The Valley of the Temples is one of the most visited sites in Sicily and it’s easy to see why. Like the Roman Forum or Acropolis in Athens, this vast archeological park is a great example of the glory of ancient civilizations whose empires spanned much of the Mediterranean region. I always find these types of places particularly interesting since the ruins we see today are only subtle hints of the grandeur that once was.
Because of Sicily’s central location, pretty much every group you can think of staked claim the island at one point or another and the Greeks were no exception. Dating back to 582 BC, the Valley of the Temples was the site of the ancient city of Akragas (once the fourth largest ancient city in the world!), which became one of the most significant Greek colonies in Sicily until it was conquered by the Romans and renamed Agrigentum in 210 BC. Today it’s a UNESCO World Heritage site that spans more than 5-square miles and boasts some of the best-preserved Greek ruins outside of Greece.
A visit to the Valley of the Temples fit nicely into our week-long itinerary in Sicily as we drove from the east to the west coast. We spent several hours exploring the ruins, but the park is so large that you could easily fill an entire day if you arrive early and are interested in also seeing the nearby archeological museum and Kolymberta gardens. Here’s what you need to know to help you plan your visit.
How to Get There
The Valley of the Temples is located in Agrigento just south of the modern city. From there you can take bus line 1, 2, 2/ or 3 from the bus or train station to various entrances near the site. The journey is about 15-20 minutes and tickets can be purchased in advance or on board.
If you’re traveling by car from other parts of Sicily, the Valley of the Temples is around 2 hours away from major cities including Catania, Palermo and Trapani. There’s a parking lot near the Porta V entrance where you grab a ticket on the way in and then pay at the automated vending machine and re-insert on your way out. Also, I highly recommend purchasing your tickets online before you arrive to avoid standing in potentially long lines in the brutal sun (we arrived around mid-day in September and waited for at least 30 minutes – thank goodness for the snack stand selling refreshing lemon granita!).
What to Expect
The park is divided into Eastern and Western zones that encompass a collection of seven Doric-style temples and a necropolis set amongst vast blue skies and olive trees. The star attraction is the Temple of Concordia, which in and of itself is one of the best-preserve temples in existence due to reinforcements that were put in place when it was converted to a Christian basilica in the 6th century. Today it stands at the end of the main road towards the eastern end of the park, flanked by a fallen bronze statue of Icarus, the figure in Greek mythology who dared to fly too close to the sun. Other temples are dedicated to Juno, Hercules, Castor and Pollux (Dioscuri), Vulcan, Asclepius and Olympian Zeus.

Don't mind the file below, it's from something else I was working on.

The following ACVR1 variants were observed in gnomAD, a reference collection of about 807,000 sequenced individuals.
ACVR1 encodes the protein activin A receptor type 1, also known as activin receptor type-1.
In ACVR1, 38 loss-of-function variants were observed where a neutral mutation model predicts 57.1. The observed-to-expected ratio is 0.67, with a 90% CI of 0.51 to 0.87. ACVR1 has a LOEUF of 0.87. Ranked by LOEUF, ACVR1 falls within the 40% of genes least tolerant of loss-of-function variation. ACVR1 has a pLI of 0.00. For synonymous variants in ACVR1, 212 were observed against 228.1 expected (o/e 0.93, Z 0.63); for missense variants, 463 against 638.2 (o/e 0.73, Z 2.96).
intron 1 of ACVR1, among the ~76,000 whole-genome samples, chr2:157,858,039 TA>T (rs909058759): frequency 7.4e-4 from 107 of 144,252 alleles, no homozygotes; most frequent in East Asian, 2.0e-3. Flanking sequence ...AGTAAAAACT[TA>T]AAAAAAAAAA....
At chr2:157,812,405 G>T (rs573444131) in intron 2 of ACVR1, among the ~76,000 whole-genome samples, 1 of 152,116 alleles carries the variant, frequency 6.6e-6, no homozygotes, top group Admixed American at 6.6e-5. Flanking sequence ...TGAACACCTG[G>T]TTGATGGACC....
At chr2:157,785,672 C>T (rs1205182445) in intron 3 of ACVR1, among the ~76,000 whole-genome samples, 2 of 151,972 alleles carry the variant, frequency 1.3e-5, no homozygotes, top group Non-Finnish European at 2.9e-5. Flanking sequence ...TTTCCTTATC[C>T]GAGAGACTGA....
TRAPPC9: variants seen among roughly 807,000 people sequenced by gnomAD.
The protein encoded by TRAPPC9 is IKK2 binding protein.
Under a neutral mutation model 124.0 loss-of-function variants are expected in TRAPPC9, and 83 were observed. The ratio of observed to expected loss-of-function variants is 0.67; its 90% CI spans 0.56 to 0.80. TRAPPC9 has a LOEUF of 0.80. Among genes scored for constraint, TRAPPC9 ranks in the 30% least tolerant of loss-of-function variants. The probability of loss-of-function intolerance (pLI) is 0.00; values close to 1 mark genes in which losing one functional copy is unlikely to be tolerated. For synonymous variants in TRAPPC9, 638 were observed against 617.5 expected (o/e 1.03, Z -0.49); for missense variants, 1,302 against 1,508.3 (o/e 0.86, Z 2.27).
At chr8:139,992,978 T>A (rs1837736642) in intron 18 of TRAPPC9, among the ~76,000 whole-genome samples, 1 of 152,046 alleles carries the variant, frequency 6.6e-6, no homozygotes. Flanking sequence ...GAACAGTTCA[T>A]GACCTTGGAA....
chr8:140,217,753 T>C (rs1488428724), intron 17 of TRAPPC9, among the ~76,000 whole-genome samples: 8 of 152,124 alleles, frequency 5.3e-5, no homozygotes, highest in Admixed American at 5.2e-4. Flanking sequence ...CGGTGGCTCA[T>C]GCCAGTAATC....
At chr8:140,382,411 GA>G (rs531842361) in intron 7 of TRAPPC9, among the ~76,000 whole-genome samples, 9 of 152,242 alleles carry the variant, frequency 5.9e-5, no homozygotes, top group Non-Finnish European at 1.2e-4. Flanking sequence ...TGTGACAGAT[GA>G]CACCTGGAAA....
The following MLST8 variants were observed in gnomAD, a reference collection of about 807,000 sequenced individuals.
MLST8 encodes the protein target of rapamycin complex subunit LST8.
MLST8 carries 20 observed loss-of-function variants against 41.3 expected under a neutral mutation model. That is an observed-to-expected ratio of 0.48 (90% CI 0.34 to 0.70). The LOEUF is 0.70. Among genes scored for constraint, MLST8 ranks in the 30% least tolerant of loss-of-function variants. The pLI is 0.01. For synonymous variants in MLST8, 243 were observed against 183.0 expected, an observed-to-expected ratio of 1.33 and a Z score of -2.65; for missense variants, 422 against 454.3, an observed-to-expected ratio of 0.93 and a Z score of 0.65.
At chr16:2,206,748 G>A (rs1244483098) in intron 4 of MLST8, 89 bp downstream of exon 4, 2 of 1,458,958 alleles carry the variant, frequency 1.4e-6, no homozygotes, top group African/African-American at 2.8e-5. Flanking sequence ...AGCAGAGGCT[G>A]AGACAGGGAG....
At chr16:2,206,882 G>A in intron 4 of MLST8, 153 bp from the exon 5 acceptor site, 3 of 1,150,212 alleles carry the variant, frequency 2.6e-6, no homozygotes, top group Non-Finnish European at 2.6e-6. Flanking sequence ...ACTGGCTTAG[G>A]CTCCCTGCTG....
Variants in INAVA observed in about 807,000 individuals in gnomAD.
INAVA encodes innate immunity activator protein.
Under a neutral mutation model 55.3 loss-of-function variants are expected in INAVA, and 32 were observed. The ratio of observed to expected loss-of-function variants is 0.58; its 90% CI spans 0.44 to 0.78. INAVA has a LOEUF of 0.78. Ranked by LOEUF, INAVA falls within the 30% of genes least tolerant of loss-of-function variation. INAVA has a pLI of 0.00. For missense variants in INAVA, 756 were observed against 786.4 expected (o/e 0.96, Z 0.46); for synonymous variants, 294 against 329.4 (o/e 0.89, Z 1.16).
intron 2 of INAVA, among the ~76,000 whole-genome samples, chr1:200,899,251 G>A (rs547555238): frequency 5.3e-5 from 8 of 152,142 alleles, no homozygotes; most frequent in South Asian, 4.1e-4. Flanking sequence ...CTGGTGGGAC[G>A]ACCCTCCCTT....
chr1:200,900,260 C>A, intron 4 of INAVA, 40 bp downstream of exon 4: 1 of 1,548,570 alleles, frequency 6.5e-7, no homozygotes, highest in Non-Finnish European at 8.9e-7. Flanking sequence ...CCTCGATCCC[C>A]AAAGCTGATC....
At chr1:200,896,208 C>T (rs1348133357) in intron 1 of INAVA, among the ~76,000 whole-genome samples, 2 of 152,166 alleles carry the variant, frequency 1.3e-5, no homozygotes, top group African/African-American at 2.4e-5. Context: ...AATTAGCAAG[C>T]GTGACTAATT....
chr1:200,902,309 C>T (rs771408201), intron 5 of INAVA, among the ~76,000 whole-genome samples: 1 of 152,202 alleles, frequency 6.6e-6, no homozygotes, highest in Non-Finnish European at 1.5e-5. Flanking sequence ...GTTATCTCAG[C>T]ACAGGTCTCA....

The Temple of Olympian Zeus is perhaps the most evocative area in the park, which to me felt as if we were walking through a graveyard of toppled stones and columns surrounding the temple. It was built to celebrate Akragas’ victory over the Carthaginians and ranks among the largest Doric temples ever built. You can get a sense of its size and scale by the male telamon statues that were intended to support the structure (the female equivalent were called caryatids, a prime example being the Erechtheion at the Acropolis). There were 38 of these in total, each comprised of 12 stacked blocks measuring 8 meters (26 feet) tall that would have stood on the outside of the temple in between each of its columns. Today these statues are like sleeping giants, still lying where they had fallen centuries ago.
After our visit we made our way back to our car and continued on to our next destination, Scala dei Turchi. Made from soft and chalky limestone shaped by wind and water, this blindingly white cliff steps its way down towards the sparkling blue sea and is nothing short of otherworldly. Its name translates to “Stair of the Turks” after the Arab pirates who used to take shelter here as they raided nearby towns. Today the area is a prime spot for sun seekers.
Scala dei Turchi is only 15 minutes west of the Valley of the Temples by car via SS115 and SP68 (keep an eye out for blue parking signs for various lots along the way). After you arrive expect a set of steep wooden stairs down to the beach, then continue across a shallow bay (good water shoes recommended!) to the base of the cliffs. You can escape some of the crowds by walking a little further out along the face of the cliff, which will eventually lead you to another beach area.